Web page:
Thessaly thĕs´əlē [key]
, largest ancient region of Greece in N central Greece. It corresponded roughly to the present-day nomes of Larissa and Tríkkala, which form part of the modern region known as Thessaly. Ancient Thessaly was almost completely walled in by mountains, including Pindus, Ossa, and Othrys (now Othrís), and the plains were extremely fertile. Civilization dates from prehistoric times. Before 1000 BC a tribe called the Thessalians entered the area from the northwest. The chief Thessalian cities, Larissa, Crannon, and Pherae, were oligarchical. The great families were the Aleuadae (at Larissa) and the Scopadae (at Crannon). The Thessalians were powerful in the 6th cent. BC, partly through their control of the Amphictyonic League (see amphictyony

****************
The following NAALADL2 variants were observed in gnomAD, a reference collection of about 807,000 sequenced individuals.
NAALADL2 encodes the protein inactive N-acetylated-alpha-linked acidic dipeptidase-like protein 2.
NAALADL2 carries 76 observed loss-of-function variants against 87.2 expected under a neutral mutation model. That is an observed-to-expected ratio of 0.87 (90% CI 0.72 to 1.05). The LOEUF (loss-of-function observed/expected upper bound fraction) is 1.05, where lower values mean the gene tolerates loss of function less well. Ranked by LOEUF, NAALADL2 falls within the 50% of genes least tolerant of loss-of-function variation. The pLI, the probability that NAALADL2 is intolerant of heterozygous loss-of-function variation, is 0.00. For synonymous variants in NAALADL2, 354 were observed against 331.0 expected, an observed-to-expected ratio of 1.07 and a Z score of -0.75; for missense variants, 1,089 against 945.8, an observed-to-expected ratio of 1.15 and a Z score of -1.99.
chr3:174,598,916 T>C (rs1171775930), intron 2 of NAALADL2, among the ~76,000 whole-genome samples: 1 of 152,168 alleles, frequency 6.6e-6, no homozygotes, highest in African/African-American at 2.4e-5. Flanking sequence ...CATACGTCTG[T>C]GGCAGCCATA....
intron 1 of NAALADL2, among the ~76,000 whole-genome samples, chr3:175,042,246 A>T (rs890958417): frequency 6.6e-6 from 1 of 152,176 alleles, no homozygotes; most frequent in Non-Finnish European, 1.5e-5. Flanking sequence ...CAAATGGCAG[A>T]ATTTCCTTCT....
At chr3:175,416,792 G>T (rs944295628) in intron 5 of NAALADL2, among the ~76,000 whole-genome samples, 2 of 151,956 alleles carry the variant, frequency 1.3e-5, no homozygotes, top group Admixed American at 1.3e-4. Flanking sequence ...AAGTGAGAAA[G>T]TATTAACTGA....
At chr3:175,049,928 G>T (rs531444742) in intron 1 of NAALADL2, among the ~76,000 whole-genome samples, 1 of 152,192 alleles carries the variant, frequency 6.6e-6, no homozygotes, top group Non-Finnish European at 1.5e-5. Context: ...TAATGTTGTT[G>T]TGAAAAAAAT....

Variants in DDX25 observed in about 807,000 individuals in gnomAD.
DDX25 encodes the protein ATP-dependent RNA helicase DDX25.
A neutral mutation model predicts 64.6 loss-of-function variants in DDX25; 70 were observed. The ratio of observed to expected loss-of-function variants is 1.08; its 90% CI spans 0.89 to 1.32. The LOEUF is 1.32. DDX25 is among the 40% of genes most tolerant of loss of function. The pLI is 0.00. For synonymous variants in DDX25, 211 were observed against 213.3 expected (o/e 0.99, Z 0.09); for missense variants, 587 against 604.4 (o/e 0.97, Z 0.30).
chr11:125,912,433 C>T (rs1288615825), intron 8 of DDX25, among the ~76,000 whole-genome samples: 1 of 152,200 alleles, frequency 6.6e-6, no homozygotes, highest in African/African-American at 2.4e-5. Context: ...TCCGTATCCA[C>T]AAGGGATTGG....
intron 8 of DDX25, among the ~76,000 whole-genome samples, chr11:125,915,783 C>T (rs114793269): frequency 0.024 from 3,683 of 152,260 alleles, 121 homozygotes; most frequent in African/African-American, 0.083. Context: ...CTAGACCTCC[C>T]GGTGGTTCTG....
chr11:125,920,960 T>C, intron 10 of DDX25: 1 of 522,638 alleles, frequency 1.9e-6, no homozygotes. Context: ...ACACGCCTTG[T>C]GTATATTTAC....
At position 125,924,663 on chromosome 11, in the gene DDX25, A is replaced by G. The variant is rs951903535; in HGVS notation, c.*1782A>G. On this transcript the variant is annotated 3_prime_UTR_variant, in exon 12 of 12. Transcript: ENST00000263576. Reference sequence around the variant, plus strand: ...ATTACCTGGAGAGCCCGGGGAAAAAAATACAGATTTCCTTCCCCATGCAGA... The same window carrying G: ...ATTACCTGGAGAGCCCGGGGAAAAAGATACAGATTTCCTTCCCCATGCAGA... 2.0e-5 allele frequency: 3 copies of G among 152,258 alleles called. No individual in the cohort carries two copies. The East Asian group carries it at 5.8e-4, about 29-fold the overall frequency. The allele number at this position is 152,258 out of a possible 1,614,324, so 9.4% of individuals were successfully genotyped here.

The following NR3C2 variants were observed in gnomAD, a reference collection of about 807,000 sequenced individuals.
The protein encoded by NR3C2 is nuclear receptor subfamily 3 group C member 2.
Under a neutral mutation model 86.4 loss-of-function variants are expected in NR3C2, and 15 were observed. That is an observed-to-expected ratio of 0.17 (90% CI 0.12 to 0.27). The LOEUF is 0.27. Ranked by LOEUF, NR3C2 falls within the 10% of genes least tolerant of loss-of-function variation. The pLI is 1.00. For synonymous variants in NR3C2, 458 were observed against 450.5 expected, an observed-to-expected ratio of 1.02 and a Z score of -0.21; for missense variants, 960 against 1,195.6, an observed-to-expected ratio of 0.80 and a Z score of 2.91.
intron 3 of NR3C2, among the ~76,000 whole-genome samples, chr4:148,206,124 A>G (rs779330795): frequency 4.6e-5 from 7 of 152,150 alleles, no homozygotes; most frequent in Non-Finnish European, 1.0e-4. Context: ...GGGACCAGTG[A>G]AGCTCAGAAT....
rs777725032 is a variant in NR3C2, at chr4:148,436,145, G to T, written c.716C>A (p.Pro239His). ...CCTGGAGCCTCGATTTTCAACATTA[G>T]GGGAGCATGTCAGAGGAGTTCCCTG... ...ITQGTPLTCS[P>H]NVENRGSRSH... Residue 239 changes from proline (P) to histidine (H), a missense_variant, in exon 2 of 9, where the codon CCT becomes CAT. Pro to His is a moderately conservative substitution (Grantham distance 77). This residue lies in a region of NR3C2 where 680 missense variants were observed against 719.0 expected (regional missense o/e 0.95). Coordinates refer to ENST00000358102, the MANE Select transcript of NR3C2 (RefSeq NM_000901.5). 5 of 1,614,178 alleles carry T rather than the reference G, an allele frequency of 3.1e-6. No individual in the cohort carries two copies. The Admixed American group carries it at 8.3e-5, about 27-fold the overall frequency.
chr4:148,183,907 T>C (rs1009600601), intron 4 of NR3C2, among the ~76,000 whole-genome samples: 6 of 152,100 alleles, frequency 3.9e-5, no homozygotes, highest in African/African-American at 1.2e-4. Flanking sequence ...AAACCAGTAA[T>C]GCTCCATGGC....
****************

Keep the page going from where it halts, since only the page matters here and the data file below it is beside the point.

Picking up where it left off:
). Conflict between the oligarchies, however, contributed to Thessaly's decline. Jason, the tyrant of Pherae, succeeded (374 BC) in uniting Thessaly, which again became a force in Greece, but it did not remain powerful for long and was subjugated (344 BC) by Philip II of Macedon. Under the Roman emperors Thessaly was joined to Macedonia, but after the death of Constantine the Great it became a separate province. It passed (1355) to the Turks and was ceded to Greece in 1881.
See A. J. B. Wace, Prehistoric Thessaly (1912); H. D. Hansen, Early Civilization in Thessaly (1933); and H. D. Westlake, Thessaly in the Fourth Century BC (1935, repr. 1969).
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